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PARIS — Design is looking a lot less industrial, with limited editions — especially in furniture — becoming a growing and lucrative niche.

Of course, rarity in the design world is hardly new. As Alice Rawsthorn, director of the Design Museum in London, pointed out, “Many of the most famous ‘mass manufactured’ 20th-century designs were originally produced as limited editions.”

Landmark pieces like Eileen Gray’s Bibendum Chair and her E1027 Table, which were made individually, are examples.

“Even by the 1960s, a piece as sleek and futuristic as the Panton Chair had to be made by hand for years, as Verner Panton and Vitra struggled to resolve technical problems for producing it in volume,” said Rawsthorn. More recently, sculptor Donald Judd has blurred the lines between art and design with his furniture.

Nonetheless, the last few years have seen a veritable explosion in limited editions. Industry bellwethers from Marc Newson and Hella Jongerius to France’s Bouroullec brothers and Maarten van Severen are making more of them. Contemporary art galleries are dedicating shows to the idea, and prices are shooting through the stratosphere.

Didier Krzentowski, owner of Kreo gallery in Paris, calls the trend a “reaction against the Conran and Ikea generation.”

“It’s a natural revolt against an increasingly mass market,” added Laurence Vayosn who, with her husband, runs Tools gallery in Paris. “People are craving more personalized products.”

Krzentowski is probably the first dealer to have zeroed in on the exceptional potential of limited-edition design. His four-year-old Kreo gallery commissions the world’s leading designers to make limited editions, with Azzedine Alaïa, Karl Lagerfeld and Hedi Slimane among his tastemaking clients.

“As a collector, which I was before opening Kreo, I always wanted things that I couldn’t find elsewhere,” he said, adding that most serious design collectors are also aficionados of contemporary art. “It’s a similar story of passion.”

Evolving trends of taste can’t be ignored. The market for 20th-century big shots — Jean Prouve, Gio Ponti, Charlotte Perriand and Le Corbusier — is maturing at auction. A pair of Jean Prouve steel and Plexiglas porthole doors, for example, recently sold for $680,000 at Sotheby’s. The golden $100,000 mark is often broken, and more collectors are crossing over from other fields of collecting.

This story first appeared in the February 25, 2005 issue of WWD. Subscribe Today.

James Zemaitis, director of Sotheby’s thriving 20th-century design department, said the flood of limited edition “plays into all of the money in the contemporary art market. A collector wants a great Damien Hirst the same way they crave a great Marc Newson chair.”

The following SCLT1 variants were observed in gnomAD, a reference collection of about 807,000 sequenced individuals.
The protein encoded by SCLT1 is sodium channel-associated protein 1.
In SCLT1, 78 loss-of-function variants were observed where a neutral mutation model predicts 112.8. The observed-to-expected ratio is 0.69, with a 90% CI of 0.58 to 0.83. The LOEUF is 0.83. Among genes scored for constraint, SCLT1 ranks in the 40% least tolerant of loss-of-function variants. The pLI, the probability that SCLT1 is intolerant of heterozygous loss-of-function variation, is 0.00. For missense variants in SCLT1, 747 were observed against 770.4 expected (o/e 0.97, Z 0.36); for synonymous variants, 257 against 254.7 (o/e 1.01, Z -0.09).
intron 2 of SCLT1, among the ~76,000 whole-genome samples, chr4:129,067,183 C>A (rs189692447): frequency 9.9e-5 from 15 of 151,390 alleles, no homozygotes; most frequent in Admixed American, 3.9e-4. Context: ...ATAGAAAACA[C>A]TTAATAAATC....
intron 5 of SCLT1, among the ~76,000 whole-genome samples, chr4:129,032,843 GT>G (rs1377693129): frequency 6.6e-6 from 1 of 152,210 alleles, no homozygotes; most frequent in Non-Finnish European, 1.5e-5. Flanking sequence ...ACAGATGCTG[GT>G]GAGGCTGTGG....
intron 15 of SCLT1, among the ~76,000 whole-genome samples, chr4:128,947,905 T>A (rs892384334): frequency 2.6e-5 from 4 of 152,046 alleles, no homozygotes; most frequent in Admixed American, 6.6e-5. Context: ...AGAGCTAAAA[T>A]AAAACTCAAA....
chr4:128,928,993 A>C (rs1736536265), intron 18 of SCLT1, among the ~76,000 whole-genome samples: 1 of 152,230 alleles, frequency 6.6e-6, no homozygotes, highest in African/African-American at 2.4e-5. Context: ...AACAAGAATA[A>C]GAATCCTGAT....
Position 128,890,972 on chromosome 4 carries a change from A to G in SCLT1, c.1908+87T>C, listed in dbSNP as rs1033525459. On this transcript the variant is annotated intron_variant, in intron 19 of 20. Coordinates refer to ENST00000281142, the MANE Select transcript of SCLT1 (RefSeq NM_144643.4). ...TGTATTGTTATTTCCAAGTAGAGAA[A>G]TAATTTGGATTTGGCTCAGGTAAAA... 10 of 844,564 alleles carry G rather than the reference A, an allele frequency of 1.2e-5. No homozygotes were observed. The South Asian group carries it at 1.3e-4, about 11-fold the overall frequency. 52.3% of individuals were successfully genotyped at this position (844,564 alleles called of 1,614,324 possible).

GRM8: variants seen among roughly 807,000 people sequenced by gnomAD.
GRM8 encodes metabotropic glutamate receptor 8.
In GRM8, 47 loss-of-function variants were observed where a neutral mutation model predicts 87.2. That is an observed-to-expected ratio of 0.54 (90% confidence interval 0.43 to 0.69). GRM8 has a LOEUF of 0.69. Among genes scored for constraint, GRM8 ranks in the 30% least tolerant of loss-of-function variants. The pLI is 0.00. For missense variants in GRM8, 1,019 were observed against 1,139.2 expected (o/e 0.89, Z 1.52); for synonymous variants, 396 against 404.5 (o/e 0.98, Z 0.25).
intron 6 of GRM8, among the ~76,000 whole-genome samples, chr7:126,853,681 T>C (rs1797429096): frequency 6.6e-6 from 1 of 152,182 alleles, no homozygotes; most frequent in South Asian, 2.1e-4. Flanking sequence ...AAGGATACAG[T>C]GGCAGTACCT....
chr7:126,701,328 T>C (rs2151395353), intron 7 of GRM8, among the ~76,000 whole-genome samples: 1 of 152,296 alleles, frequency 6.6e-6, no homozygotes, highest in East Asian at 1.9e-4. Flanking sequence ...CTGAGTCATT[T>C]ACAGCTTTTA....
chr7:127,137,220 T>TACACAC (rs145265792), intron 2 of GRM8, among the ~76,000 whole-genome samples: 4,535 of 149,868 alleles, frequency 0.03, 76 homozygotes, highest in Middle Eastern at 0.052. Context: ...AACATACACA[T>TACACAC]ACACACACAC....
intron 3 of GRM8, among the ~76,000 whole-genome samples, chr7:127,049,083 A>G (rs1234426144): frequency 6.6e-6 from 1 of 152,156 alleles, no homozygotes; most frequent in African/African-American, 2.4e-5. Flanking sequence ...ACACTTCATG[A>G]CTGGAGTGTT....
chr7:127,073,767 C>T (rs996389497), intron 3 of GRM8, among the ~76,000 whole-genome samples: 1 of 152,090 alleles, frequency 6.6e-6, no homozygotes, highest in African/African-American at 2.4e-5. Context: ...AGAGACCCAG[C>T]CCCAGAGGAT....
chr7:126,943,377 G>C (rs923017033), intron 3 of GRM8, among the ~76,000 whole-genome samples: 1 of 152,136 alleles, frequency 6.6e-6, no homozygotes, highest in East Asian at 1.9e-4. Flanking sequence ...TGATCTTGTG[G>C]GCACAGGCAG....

Though Zemaitis said auction results for contemporary limited editions have been “mixed,” he predicts it will flower into an increasingly important part of his catalogues. Meanwhile, prices for iconic handmade pieces, he said, are going through the roof.

“If someone brought me [Marc Newson’s] Lockheed Lounge, it would be the cover lot of my 20th-century auction. It’s that seminal and that hot. I’d estimate it between $250,000 to $300,000. Some people think it could fetch $400,000 to $500,000.”

Added Rawsthorn, “So many important contemporary art collectors are now collecting design too — notably François Pinault and Bernard Arnault — that prices are soaring.”

That market potential is driving more fledgling talent into the arms of limited-edition pieces. Zemaitis reckoned that designers have finally realized how powerful and effective limited editions can be as a marketing tool.

“It’s one of the easiest ways for young designers to make their name and earn money,” said Rawsthorn. “Especially if [their product is] photogenic.”

Nonetheless, some consider the vogue potentially dangerous. “If everyone flocks [to limited editions], the approach could be watered down,” said Krzentowski. “It could lose some of its bite.”

But for the moment, the future appears bright. Experts liken limited editions to fashion’s haute couture. “It’s a laboratory,” said Krzentowski. “In the industrial process there are always limited. Limited editions are about removing the limits and favoring creativity.”

And just as in haute couture, an experimental exercise that sometimes assumes a more practical form in ready-to-wear, avant-garde techniques developed in limited editions can be applied to and advance industrial design.

“Oddly, limited editions have a role to play in inspiring products for mass production,” added Rawsthorn. “They enable designers to experiment with extremities of form, materials and typologies and thereby enrich their mass-manufactured products.

“Marc Newson is a great example. His design style is so disciplined, that there is an incontestable link between the improbably sculptural chaises lounges that sell for hundreds of thousands of dollars at Sotheby’s, and his DoCoMo mobile phones or Nike trainers.”